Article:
Genetic Family History Assessment

A family’s history offers a lot of information about a person’s future and past. It can serve as an indicative tool to guide decision-making regarding genetic testing and family members at risk. The paper seeks to explain the genetic relationship in a family and how it affects future generations of that family. If a particular family suffers a disease, for instance, an accurate family history is usually important in diagnosing the pattern of transmission. Therefore, this paper seeks to assess the health history of three members of the same family from across three generations. The individuals include Ronald, Jane, and Amos.

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Family Members and Health History

Ronald is a 76 years old man who had led a relatively healthy life since he was a young man. However, he recently received a diagnosis of hypertension and was advised to rest and attend regular medical check-ups. Ronald’s wife had diabetes, but she died of breast cancer ten years ago. The two had three children. Jane is the first born child of Ronald. She is 38 years old, married, and with two children. Jane has also been diagnosed with hypertension, and the doctor advised her on the medication to take. Her second born son, Amos, is ten years old. He is healthy without any complications apart from the fact that he is asthmatic. Jane’s husband is also asthmatic.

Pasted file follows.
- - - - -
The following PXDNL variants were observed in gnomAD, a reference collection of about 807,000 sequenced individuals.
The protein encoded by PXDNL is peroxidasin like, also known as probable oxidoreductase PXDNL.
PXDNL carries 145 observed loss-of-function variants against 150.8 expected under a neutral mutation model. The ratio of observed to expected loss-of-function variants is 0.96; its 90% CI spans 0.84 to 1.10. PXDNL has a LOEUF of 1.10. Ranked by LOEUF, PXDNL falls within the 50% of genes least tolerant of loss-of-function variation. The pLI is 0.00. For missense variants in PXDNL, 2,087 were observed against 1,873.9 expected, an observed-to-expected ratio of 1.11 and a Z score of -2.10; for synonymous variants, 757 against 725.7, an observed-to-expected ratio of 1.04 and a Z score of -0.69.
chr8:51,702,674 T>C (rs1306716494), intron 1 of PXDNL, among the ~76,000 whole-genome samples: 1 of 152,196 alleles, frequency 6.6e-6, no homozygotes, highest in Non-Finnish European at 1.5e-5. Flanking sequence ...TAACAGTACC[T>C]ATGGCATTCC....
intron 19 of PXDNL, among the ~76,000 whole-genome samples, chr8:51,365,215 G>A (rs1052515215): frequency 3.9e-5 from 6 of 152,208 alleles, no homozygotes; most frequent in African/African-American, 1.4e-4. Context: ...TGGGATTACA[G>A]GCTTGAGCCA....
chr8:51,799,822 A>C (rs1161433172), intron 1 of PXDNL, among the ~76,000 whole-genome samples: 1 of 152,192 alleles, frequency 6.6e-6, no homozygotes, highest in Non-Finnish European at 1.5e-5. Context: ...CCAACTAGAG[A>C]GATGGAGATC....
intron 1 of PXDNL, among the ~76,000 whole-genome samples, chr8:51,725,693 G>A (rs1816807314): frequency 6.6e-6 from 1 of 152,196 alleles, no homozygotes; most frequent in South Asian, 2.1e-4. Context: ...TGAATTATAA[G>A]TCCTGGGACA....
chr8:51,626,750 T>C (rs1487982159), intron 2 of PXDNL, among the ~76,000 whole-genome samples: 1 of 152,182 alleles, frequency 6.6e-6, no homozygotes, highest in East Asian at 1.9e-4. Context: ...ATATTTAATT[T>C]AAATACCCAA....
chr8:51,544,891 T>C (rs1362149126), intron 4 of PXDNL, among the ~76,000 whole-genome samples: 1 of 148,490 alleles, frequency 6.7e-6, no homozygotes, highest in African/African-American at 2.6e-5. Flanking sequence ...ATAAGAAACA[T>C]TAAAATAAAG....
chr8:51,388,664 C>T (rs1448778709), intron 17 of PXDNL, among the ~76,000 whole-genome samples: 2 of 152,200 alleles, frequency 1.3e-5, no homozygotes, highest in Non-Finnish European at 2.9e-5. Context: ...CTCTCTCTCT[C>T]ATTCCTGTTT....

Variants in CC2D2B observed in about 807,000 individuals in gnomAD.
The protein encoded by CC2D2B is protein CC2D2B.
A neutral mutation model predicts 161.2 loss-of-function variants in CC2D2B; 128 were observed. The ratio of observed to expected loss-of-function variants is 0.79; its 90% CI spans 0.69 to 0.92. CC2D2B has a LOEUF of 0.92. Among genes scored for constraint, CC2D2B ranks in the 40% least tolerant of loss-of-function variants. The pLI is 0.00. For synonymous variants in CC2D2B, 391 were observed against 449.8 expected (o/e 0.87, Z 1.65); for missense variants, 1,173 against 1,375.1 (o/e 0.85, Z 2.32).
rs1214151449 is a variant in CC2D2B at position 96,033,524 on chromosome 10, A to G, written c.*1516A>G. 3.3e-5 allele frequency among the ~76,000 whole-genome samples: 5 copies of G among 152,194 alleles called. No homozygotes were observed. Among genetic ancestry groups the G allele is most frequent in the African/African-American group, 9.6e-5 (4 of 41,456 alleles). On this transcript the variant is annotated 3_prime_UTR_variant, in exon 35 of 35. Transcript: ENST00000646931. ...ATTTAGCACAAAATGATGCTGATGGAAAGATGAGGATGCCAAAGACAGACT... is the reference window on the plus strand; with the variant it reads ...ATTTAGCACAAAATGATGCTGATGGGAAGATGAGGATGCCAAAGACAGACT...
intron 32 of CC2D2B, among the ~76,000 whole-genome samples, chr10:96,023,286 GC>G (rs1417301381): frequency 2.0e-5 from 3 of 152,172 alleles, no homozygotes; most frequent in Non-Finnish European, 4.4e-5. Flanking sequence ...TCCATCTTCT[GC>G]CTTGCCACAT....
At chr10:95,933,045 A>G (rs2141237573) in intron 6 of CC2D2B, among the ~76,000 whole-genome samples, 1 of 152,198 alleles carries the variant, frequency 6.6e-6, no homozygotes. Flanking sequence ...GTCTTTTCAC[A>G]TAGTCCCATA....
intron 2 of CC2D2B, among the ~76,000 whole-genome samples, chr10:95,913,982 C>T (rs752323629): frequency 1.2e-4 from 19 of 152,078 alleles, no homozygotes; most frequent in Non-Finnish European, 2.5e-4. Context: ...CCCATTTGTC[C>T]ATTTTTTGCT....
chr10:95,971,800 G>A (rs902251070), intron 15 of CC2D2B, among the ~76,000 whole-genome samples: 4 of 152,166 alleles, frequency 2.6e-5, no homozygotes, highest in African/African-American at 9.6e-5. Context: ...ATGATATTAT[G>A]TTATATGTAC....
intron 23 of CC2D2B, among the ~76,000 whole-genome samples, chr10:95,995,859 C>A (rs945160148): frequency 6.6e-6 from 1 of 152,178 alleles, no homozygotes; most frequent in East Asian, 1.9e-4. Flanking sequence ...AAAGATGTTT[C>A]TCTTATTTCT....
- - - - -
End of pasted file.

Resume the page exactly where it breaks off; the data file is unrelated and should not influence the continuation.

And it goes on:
Family Members’ Ethnic Background, Reproductive History, Growth and Development Variations

Ronald is Caucasian, and so is Jane. However, Amos’ father is an African; therefore, the boy is a half-cast of a Caucasian and an African-American. Ronald grew up in the countryside where there was plenty of fresh, healthy food. He had been active for most of his life, working on the farm. It is only recently that he stopped working because of aging. Jane spent her childhood in the rural areas, but went to live in the city after finishing college. She spends most of her time sitting down at work or home. Amos does not play much because of his asthma. He prefers to stay indoors watching television when not in school.

Family Understanding of Genetic Health Risks

From the health history of the three family members, it is clear that they have the risk of several genetic diseases. It is then very essential to know the simple laws of inheritance to understand how diseases are passed on in a family. A human being has two copies of genes, one from the mother and the other from the father. Family members who have similar mutations may not have the same exact symptoms (Quante et al., 2012). However, it is possible for individuals with different mutations to have the same characteristics. The reason is that the genes, as well as the environment, influence the expression of genes. In this case, Jane understands that she is at risk of having both breast cancer and hypertension. She is already diagnosed with hypertension and will regularly attend check-ups so that if she gets cancer, it can be treated in the early stages. She is also aware that her two children are at risk of getting both hypertension and breast cancer.